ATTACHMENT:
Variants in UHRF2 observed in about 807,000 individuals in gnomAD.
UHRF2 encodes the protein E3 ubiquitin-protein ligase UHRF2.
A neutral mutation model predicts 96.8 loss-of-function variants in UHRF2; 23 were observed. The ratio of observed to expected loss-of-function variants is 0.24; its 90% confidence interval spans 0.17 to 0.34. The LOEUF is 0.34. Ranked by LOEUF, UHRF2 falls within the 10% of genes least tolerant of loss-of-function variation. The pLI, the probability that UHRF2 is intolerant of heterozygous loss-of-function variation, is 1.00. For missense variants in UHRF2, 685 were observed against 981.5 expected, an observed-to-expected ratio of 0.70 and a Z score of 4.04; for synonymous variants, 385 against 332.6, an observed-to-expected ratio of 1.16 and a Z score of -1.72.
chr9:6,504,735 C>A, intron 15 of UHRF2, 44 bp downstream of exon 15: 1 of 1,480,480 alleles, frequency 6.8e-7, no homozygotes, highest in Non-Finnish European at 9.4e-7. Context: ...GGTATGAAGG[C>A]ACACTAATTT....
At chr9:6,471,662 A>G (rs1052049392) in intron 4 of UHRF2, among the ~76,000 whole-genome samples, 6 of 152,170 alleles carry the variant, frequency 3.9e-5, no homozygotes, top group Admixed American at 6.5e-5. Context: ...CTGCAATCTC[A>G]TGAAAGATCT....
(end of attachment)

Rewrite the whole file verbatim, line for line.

Variants in UHRF2 observed in about 807,000 individuals in gnomAD.
UHRF2 encodes the protein E3 ubiquitin-protein ligase UHRF2.
A neutral mutation model predicts 96.8 loss-of-function variants in UHRF2; 23 were observed. The ratio of observed to expected loss-of-function variants is 0.24; its 90% confidence interval spans 0.17 to 0.34. The LOEUF is 0.34. Ranked by LOEUF, UHRF2 falls within the 10% of genes least tolerant of loss-of-function variation. The pLI, the probability that UHRF2 is intolerant of heterozygous loss-of-function variation, is 1.00. For missense variants in UHRF2, 685 were observed against 981.5 expected, an observed-to-expected ratio of 0.70 and a Z score of 4.04; for synonymous variants, 385 against 332.6, an observed-to-expected ratio of 1.16 and a Z score of -1.72.
chr9:6,504,735 C>A, intron 15 of UHRF2, 44 bp downstream of exon 15: 1 of 1,480,480 alleles, frequency 6.8e-7, no homozygotes, highest in Non-Finnish European at 9.4e-7. Context: ...GGTATGAAGG[C>A]ACACTAATTT....
At chr9:6,471,662 A>G (rs1052049392) in intron 4 of UHRF2, among the ~76,000 whole-genome samples, 6 of 152,170 alleles carry the variant, frequency 3.9e-5, no homozygotes, top group Admixed American at 6.5e-5. Context: ...CTGCAATCTC[A>G]TGAAAGATCT....